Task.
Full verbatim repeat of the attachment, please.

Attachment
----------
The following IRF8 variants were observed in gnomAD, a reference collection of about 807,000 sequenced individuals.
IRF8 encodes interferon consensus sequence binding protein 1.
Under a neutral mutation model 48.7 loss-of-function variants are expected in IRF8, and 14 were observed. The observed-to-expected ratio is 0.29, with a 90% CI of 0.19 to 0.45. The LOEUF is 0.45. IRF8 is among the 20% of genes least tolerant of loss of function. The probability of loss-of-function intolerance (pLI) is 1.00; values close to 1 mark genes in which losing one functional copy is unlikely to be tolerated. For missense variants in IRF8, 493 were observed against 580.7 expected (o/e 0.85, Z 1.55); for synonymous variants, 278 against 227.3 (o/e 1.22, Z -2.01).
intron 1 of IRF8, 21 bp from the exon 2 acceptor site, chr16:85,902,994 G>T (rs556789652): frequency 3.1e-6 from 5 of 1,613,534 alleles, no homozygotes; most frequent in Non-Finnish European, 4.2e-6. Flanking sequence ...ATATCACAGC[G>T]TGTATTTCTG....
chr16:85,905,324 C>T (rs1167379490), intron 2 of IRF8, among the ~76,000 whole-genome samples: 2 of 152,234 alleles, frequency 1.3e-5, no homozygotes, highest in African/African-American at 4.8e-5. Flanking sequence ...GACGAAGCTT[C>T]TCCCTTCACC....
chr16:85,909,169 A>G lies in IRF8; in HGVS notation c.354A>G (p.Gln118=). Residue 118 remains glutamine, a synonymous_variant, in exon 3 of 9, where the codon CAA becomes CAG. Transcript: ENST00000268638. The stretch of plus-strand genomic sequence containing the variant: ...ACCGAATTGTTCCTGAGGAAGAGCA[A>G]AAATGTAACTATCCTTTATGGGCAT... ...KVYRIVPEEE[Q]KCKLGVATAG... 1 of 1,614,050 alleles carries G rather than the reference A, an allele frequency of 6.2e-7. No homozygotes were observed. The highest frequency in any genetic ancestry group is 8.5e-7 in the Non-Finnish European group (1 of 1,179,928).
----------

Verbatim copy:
The following IRF8 variants were observed in gnomAD, a reference collection of about 807,000 sequenced individuals.
IRF8 encodes interferon consensus sequence binding protein 1.
Under a neutral mutation model 48.7 loss-of-function variants are expected in IRF8, and 14 were observed. The observed-to-expected ratio is 0.29, with a 90% CI of 0.19 to 0.45. The LOEUF is 0.45. IRF8 is among the 20% of genes least tolerant of loss of function. The probability of loss-of-function intolerance (pLI) is 1.00; values close to 1 mark genes in which losing one functional copy is unlikely to be tolerated. For missense variants in IRF8, 493 were observed against 580.7 expected (o/e 0.85, Z 1.55); for synonymous variants, 278 against 227.3 (o/e 1.22, Z -2.01).
intron 1 of IRF8, 21 bp from the exon 2 acceptor site, chr16:85,902,994 G>T (rs556789652): frequency 3.1e-6 from 5 of 1,613,534 alleles, no homozygotes; most frequent in Non-Finnish European, 4.2e-6. Flanking sequence ...ATATCACAGC[G>T]TGTATTTCTG....
chr16:85,905,324 C>T (rs1167379490), intron 2 of IRF8, among the ~76,000 whole-genome samples: 2 of 152,234 alleles, frequency 1.3e-5, no homozygotes, highest in African/African-American at 4.8e-5. Flanking sequence ...GACGAAGCTT[C>T]TCCCTTCACC....
chr16:85,909,169 A>G lies in IRF8; in HGVS notation c.354A>G (p.Gln118=). Residue 118 remains glutamine, a synonymous_variant, in exon 3 of 9, where the codon CAA becomes CAG. Transcript: ENST00000268638. The stretch of plus-strand genomic sequence containing the variant: ...ACCGAATTGTTCCTGAGGAAGAGCA[A>G]AAATGTAACTATCCTTTATGGGCAT... ...KVYRIVPEEE[Q]KCKLGVATAG... 1 of 1,614,050 alleles carries G rather than the reference A, an allele frequency of 6.2e-7. No homozygotes were observed. The highest frequency in any genetic ancestry group is 8.5e-7 in the Non-Finnish European group (1 of 1,179,928).